Wasps Are Getting Drunk and Terrorizing People in England

iStock
iStock

Go home, wasps. You’re drunk.

Thousands of “boozy wasps” are terrorizing the UK after imbibing the nectar of fermented fruit and cider left behind at pub gardens, Travel + Leisure reports. Experts warn that there’s a greater risk of getting stung at this time of year, especially while boozing outdoors or eating sweet foods.

The sudden change in diet highlights an issue with the insects' food supply: Wasps typically drink a kind of sugar-spit produced by larvae, but the hive queens have already stopped laying larvae by this time of year, and wasps have been unable to get their fill. They also carry a genetic trait that makes them go crazy for sugary foods and alcohol, and other factors have escalated the problem. For one, last year's cold winter translated to an early wasp season, which allowed them to build larger-than-normal nests.

"Wasps have built absolutely massive nests and, now that all the larvae have grown up and the queen has stopped laying eggs, the colonies have a workforce with nothing to do—and nothing to eat," pest control expert Shane Jones told the Daily Mail. "So they go down to the pub, obviously."

What they really want is sugar, which can be found in fermented fruit, cider, and fruity beers. Because wasps are lightweights, just one sip will get them drunk—and you don’t want to see them when they’re tipsy. "Wasps can't handle their booze, so they get tanked-up and fighty—like lager louts,” Jones says. Alcohol can make the insects more irritable and more likely to sting people.

The best way to avoid the problem, according to Dee Ward-Thompson, technical manager at the British Pest Control Association, is to keep the sugary goodies they're craving out of sight. “Maybe the most influential factor on wasp numbers is when people do not dispose of their waste properly, especially food with a high sugar content, such as fruit," Ward-Thompson told the Nottingham Post. “We always advise waste to be securely bagged and held within a clean container, away from where young children might play.”

[h/t Travel + Leisure]

A Dracula Ant's Jaws Snap at 200 Mph—Making It the Fastest Animal Appendage on the Planet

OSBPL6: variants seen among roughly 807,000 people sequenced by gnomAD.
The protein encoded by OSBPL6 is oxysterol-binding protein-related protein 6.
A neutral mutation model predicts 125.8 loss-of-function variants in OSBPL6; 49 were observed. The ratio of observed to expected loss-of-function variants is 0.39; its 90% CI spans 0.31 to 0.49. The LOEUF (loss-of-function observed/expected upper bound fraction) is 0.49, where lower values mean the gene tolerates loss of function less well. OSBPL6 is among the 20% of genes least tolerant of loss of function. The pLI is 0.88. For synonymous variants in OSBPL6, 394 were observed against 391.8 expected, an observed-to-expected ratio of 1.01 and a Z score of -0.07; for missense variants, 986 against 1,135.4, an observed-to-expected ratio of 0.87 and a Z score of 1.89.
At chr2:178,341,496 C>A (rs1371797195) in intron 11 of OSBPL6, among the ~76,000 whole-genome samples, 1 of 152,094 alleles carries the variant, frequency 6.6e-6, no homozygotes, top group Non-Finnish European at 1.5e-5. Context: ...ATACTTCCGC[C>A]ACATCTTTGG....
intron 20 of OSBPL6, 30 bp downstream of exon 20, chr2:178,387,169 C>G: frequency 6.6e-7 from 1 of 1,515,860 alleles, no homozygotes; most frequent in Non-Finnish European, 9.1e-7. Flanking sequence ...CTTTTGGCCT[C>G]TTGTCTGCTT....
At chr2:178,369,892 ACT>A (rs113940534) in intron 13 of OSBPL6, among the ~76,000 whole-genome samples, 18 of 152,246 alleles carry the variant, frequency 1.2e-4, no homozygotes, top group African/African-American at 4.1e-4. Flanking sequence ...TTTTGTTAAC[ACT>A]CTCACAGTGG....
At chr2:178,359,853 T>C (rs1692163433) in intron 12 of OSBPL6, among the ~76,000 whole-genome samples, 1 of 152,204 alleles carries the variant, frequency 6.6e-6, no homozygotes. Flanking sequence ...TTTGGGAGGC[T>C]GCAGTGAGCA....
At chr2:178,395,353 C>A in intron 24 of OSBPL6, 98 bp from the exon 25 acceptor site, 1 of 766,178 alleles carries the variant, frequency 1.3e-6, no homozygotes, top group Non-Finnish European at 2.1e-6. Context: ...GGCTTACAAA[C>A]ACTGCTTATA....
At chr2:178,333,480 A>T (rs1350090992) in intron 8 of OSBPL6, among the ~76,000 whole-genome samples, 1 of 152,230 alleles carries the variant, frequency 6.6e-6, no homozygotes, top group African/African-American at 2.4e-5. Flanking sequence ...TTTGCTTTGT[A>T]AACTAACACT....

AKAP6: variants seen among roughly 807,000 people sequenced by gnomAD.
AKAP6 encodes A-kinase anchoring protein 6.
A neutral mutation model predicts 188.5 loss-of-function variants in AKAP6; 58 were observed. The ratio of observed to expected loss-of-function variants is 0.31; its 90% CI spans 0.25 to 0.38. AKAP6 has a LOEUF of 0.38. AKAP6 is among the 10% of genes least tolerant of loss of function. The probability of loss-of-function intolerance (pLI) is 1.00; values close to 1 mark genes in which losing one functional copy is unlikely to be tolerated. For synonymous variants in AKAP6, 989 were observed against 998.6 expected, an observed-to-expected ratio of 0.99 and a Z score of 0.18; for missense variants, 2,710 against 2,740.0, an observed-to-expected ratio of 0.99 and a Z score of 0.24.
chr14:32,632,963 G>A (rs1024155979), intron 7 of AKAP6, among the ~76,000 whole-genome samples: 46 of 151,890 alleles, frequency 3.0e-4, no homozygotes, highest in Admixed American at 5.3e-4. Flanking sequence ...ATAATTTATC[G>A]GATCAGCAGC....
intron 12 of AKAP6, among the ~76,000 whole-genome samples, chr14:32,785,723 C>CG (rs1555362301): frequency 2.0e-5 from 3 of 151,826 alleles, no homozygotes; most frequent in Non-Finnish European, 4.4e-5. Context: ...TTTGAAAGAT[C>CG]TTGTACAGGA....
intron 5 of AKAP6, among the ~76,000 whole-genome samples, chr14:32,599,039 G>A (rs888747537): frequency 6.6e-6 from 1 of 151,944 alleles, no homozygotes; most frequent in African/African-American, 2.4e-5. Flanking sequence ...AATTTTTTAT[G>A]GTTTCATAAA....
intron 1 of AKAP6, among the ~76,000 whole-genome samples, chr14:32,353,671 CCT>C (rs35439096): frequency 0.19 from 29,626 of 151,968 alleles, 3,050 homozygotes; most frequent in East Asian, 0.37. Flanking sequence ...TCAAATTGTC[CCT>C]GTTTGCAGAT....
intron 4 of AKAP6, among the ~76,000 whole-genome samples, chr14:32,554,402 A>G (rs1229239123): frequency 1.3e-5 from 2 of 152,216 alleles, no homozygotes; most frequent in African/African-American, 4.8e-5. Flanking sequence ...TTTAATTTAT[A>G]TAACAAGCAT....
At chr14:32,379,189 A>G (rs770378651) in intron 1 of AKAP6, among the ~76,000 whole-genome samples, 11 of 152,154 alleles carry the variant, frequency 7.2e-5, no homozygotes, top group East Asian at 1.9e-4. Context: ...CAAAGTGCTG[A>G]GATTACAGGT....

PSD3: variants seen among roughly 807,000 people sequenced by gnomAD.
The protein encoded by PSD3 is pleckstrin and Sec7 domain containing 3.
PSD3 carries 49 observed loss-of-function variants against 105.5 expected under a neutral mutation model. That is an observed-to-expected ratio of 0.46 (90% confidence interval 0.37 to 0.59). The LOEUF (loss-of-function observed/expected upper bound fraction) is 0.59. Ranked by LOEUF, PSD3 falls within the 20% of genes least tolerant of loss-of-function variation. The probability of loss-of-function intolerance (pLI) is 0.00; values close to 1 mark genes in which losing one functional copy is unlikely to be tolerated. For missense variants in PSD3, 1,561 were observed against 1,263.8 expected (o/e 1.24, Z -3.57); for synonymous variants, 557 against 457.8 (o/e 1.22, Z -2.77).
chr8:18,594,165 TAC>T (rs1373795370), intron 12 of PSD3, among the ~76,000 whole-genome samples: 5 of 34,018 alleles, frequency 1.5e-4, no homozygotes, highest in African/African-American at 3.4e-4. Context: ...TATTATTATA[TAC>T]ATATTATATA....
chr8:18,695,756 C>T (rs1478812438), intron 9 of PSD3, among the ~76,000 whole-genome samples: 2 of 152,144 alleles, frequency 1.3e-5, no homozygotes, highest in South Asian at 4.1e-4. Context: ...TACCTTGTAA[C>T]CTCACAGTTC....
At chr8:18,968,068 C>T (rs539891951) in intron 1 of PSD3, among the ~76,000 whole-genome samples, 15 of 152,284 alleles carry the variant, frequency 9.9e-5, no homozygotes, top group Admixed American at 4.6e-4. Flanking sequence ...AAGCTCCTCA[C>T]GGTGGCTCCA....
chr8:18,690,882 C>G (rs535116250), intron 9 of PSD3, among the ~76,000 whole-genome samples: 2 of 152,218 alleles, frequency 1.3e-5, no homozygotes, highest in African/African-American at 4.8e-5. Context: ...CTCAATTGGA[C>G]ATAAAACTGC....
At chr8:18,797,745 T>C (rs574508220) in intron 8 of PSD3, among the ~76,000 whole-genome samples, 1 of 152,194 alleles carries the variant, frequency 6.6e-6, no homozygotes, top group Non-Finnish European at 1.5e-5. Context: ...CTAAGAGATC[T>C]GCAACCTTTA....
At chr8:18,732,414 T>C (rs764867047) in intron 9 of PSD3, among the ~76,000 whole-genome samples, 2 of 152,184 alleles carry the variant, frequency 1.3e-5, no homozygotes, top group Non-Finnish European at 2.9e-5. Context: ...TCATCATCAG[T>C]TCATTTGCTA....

Ant Lab, YouTube
Ant Lab, YouTube

As if Florida’s “skull-collecting” ants weren’t terrifying enough, we’re now going to be having nightmares about Dracula ants. A new study in the journal Royal Society Open Science reveals that a species of Dracula ant (Mystrium camillae), which is found in Australia and Southeast Asia, can snap its jaws shut at speeds of 90 meters per second—or the rough equivalent of 200 mph. This makes their jaws the fastest part of any animal on the planet, researchers said in a statement.

These findings come from a team of three researchers that includes Adrian Smith, who has also studied the gruesome ways that the skull-collecting ants (Formica archboldi) dismember trap-jaw ants, which were previously considered to be the fastest ants on record. But with jaw speeds of just over 100 miles per hour, they’re no match for this Dracula ant. (Fun fact: The Dracula ant subfamily is named after their habit of drinking the blood of their young through a process called "nondestructive cannibalism." Yikes.)

Senior author Andrew Suarez, of the University of Illinois, said the anatomy of this Dracula ant’s jaw is unusual. Instead of closing their jaws from an open position, which is what trap-jaw ants do, they use a spring-loading technique. The ants “press the tips of their mandibles together to build potential energy that is released when one mandible slides across the other, similar to a human finger snap,” researchers write.

They use this maneuver to smack other arthropods or push them away. Once they’re stunned, they can be dragged back to the Dracula ant’s nest, where the unlucky victims will be fed to Dracula ant larvae, Suarez said.

Researchers used X-ray imaging to observe the ants’ anatomy in three dimensions. High-speed cameras were also used to record their jaws snapping at remarkable speeds, which measure 5000 times faster than the blink of a human eye. Check out the ants in slow-motion in the video below.

Plano, Texas Is Now Home to a Dog-Friendly Movie Theater

K9 Cinemas
K9 Cinemas

For dog owners in Plano, Texas, movie night with Fido no longer just means cuddling on the couch and browsing Netflix. The newly opened K9 Cinemas invites moviegoers—both human and canine—to watch classic films on the big screen.

The theater operates as a pop-up (or perhaps pup-up?) in a private event space near Custer Road and 15th Street in Plano. On the weekends, patrons can pay $5 for dogs, $9 for kids, and $12.50 for adults to see popular movies in the 50-seat space. Snacks—both the pet and people kind—are available for $2 apiece. Dogs are limited to two per person, and just 25 human seats are sold per showing to leave room for the furry guests.

Pet owners are asked follow a few rules in order to take advantage of what the theater has to offer. Dogs must be up-to-date on all their shots, and owners can submit veterinary records online or bring a hard copy to the theater to verify their pooch's health status. Once inside, owners are responsible for taking their dog out for potty breaks and cleaning up after any accidents that happen (thankfully the floors are concrete and easy to wipe down).

K9 Cinemas is currently showing Elf (2003) and Home Alone (1990) for the holiday season. Dog and movie enthusiasts can buy tickets online now, or wait until January when the theater upgrades from padded chairs to couches for optimized puppy snuggle time.

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